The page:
This faction is not a replica of Asian Boyz (ABZ), while the name and information shared are similar, the gang has no affiliations to Crips and we do not replicate the rivalries of ABZ. This faction is not limited to only characters of Korean ethnicity and will accept Vietnamese, Cambodian, Korean,  Laotian, and Filipino among others.


SPBZ is a continuation of Crocker's Kkangpae:


Any questions or concerns can also be directed to either @CJ or @MK.. If you intend on posting screenshots on the thread, then you must seek leadership approval before doing so. The faction is a continuation of the new & old generations of Asian criminals in Koreatown, led by former organized crime members.  You can message either of us for an invite to the Discord.


I wish to thank @honey. and @hipsxn for the creation of SPBZ.

Edited by MK.
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Backstory of Koreatown

1992 Los Santos Riots

The 1992 Los Santos riots, sometimes called the 1992 Los Santos uprising, were a series of riots and civil disturbances that occurred in San Andreas County in April and May 1992. The unrest began in South Central Los Santos on April 29th, after a trial acquitted the four officers of the Los Santos Police Department for excessive force in the arrest and beating of Jim Queen, which had been videotaped and widely viewed on TV broadcasts. The rioting took place in several areas in the Los Santos metropolitan area. Widespread looting, assault, and arson occurred during the riots, which local police forces had difficulty controlling due to a lack of personnel and resources. The situation in the Los Santos area was only resolved after the San Andreas National Guard, the United States military, and several federal law enforcement agencies were deployed to assist in ending the violence and unrest.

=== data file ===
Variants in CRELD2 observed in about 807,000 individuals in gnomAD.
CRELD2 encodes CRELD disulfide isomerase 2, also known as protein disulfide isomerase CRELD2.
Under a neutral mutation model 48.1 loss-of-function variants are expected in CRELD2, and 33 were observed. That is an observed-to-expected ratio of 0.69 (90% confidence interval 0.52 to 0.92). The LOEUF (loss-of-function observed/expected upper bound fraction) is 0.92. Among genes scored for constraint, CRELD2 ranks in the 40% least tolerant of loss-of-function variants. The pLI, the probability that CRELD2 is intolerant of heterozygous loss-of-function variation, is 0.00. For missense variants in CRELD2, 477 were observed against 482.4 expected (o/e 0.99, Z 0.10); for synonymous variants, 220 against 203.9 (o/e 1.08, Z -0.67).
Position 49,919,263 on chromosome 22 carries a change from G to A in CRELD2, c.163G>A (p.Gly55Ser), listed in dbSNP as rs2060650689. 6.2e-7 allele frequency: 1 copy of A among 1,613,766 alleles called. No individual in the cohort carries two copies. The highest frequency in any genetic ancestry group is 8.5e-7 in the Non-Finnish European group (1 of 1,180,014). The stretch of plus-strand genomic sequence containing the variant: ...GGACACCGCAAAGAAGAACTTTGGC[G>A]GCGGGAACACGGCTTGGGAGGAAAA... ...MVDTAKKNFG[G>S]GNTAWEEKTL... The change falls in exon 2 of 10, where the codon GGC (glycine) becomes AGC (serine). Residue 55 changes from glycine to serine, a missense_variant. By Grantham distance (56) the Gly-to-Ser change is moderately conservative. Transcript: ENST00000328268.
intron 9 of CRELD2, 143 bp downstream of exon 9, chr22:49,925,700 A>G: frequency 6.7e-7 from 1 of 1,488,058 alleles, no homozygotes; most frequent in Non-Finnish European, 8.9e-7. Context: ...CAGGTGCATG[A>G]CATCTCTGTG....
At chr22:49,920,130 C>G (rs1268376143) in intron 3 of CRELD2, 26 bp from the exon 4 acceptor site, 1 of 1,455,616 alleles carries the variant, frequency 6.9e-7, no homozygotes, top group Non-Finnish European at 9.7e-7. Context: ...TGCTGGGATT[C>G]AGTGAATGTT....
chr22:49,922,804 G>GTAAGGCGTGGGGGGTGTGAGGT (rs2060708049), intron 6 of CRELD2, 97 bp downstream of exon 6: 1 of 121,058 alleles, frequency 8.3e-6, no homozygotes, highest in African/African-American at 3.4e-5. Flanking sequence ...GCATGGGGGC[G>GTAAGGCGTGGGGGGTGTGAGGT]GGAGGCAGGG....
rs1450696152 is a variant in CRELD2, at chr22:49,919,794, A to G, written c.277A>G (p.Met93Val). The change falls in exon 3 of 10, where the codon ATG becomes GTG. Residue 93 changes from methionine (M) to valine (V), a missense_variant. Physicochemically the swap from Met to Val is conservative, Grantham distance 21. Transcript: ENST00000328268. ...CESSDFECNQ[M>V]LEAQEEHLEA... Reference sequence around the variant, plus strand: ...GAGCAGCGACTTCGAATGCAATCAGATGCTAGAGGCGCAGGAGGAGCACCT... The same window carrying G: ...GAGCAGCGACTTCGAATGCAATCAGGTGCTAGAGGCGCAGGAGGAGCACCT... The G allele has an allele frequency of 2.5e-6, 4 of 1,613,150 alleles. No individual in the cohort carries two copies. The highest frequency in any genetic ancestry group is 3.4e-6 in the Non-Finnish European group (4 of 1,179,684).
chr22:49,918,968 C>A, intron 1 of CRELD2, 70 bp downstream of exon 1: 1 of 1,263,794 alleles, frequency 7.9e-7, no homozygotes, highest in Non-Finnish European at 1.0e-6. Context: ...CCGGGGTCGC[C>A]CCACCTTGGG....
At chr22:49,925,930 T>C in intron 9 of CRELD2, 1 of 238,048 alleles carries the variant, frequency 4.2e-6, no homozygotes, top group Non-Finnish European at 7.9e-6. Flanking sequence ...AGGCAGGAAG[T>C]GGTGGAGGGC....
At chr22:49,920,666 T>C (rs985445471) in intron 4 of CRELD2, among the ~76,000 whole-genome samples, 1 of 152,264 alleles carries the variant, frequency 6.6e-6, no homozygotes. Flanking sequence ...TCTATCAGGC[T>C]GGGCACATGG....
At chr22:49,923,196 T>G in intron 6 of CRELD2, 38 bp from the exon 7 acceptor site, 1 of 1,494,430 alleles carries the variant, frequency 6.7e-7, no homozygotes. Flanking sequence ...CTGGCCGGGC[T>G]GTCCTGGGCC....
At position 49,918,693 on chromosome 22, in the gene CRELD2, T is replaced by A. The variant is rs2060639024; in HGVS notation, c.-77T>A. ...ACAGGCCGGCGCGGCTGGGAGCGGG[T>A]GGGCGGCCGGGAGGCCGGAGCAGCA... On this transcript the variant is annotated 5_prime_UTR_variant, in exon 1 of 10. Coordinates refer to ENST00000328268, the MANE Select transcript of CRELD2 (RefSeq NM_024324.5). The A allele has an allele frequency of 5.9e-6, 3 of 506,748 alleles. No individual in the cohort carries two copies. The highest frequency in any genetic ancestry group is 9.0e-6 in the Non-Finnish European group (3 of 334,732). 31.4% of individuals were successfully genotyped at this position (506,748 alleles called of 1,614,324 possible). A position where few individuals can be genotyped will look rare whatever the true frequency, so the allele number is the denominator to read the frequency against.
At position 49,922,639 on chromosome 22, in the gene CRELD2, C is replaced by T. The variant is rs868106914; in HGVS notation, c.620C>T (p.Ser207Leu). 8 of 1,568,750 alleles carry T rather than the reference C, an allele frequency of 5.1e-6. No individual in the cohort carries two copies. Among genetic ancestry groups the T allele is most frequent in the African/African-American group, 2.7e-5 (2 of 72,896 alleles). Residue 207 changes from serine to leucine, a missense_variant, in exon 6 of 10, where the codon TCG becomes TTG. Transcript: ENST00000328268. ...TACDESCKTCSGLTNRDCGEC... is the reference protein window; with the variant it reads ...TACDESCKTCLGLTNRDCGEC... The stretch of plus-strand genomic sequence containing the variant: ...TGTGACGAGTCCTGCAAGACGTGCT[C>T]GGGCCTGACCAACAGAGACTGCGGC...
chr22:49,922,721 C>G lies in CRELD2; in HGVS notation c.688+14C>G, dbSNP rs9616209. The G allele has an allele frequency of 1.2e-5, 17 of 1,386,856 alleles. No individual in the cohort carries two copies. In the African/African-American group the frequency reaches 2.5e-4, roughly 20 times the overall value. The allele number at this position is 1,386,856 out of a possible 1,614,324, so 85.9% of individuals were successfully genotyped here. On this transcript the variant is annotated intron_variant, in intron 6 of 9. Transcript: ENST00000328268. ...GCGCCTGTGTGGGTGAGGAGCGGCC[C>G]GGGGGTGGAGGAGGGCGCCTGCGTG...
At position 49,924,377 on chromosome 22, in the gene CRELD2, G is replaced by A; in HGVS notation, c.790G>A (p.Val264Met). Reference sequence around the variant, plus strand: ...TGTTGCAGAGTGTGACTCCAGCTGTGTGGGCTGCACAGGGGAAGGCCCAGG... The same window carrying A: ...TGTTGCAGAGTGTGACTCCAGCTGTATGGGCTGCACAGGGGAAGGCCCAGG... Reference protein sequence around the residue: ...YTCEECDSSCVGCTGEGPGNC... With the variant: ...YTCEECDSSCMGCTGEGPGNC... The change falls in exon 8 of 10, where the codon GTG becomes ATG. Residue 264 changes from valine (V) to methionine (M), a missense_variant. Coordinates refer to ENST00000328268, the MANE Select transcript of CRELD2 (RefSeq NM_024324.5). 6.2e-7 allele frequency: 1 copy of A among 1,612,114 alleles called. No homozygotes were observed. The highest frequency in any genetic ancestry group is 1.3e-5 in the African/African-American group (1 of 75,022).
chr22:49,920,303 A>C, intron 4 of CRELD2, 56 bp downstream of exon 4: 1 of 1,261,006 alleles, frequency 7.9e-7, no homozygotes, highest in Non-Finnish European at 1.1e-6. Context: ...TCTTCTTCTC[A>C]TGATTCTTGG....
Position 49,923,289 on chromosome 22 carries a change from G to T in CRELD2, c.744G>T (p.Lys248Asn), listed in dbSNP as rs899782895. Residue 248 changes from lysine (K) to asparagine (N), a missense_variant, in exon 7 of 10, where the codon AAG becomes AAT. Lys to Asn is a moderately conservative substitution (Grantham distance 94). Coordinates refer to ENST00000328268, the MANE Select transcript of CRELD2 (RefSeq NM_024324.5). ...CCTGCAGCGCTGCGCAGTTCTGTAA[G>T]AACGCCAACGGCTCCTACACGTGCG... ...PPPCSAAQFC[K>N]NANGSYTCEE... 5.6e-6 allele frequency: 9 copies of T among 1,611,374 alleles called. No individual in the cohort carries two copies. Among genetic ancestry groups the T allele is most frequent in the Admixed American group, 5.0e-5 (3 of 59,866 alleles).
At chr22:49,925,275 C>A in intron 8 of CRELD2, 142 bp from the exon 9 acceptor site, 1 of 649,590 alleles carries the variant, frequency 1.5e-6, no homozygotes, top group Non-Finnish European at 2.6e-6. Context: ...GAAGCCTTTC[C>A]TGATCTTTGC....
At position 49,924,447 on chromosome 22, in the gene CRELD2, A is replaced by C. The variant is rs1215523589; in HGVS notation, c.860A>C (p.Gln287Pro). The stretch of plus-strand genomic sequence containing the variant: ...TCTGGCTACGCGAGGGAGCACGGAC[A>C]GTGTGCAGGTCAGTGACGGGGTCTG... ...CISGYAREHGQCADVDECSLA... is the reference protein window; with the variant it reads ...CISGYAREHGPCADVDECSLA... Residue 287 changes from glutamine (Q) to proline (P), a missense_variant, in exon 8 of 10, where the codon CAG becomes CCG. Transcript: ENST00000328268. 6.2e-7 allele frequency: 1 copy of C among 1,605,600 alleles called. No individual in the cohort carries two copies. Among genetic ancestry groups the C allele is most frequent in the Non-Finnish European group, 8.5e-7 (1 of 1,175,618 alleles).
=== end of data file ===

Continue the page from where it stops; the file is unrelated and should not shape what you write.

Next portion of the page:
Many Korean-Americans in Los Santos refer to the event as 'Sa-I-Gu', meaning "four-two-nine" in the Korean language (4.29), about April 29, 1992. Over 2,300 mom-and-pop shops run by Korean business owners were damages through ransacking and looting during the riots, sustaining close to $400 million in damages. During the riots, Korean-Americans received very little aid or protection from police authorities, due to their low social status and language barriers. Many Koreans rushed to Little Seoul after Korean-language radio stations called for volunteers to guard against rioters. Many were armed, with a variety of improvised weapons, handguns, shotguns, and semi-automatic rifles.


Television coverage of two Korean merchants firing pistols repeatedly at roving looters was widely seen and controversial. The New York Times said "that the image seemed to speak of race war, and or vigilantes taking the law into their own hands." The merchants reacting to the shooting of Mr. Yuen's wife and her sister were looters who had converged on the shopping centre where the shops were located. The riots have been considered a major turning point in the development of distinct Korean-American identity and community. Korean-Americans responded in various ways, including the development of new ethnic agendas and organization and increased political activism.



Edited by hipsxn